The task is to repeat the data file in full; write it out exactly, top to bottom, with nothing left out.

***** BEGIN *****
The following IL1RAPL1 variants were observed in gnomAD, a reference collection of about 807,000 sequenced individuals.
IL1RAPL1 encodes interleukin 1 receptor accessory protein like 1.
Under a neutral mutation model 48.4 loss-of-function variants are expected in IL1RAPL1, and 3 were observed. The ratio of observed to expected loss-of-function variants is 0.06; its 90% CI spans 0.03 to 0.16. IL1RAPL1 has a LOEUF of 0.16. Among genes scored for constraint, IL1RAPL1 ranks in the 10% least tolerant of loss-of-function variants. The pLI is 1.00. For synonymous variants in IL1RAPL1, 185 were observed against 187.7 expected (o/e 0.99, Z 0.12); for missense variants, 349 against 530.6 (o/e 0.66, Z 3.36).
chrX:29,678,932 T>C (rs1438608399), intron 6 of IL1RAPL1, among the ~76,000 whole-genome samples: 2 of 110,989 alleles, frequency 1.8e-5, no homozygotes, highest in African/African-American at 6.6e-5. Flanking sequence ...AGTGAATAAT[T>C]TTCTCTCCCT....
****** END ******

The following IL1RAPL1 variants were observed in gnomAD, a reference collection of about 807,000 sequenced individuals.
IL1RAPL1 encodes interleukin 1 receptor accessory protein like 1.
Under a neutral mutation model 48.4 loss-of-function variants are expected in IL1RAPL1, and 3 were observed. The ratio of observed to expected loss-of-function variants is 0.06; its 90% CI spans 0.03 to 0.16. IL1RAPL1 has a LOEUF of 0.16. Among genes scored for constraint, IL1RAPL1 ranks in the 10% least tolerant of loss-of-function variants. The pLI is 1.00. For synonymous variants in IL1RAPL1, 185 were observed against 187.7 expected (o/e 0.99, Z 0.12); for missense variants, 349 against 530.6 (o/e 0.66, Z 3.36).
chrX:29,678,932 T>C (rs1438608399), intron 6 of IL1RAPL1, among the ~76,000 whole-genome samples: 2 of 110,989 alleles, frequency 1.8e-5, no homozygotes, highest in African/African-American at 6.6e-5. Flanking sequence ...AGTGAATAAT[T>C]TTCTCTCCCT....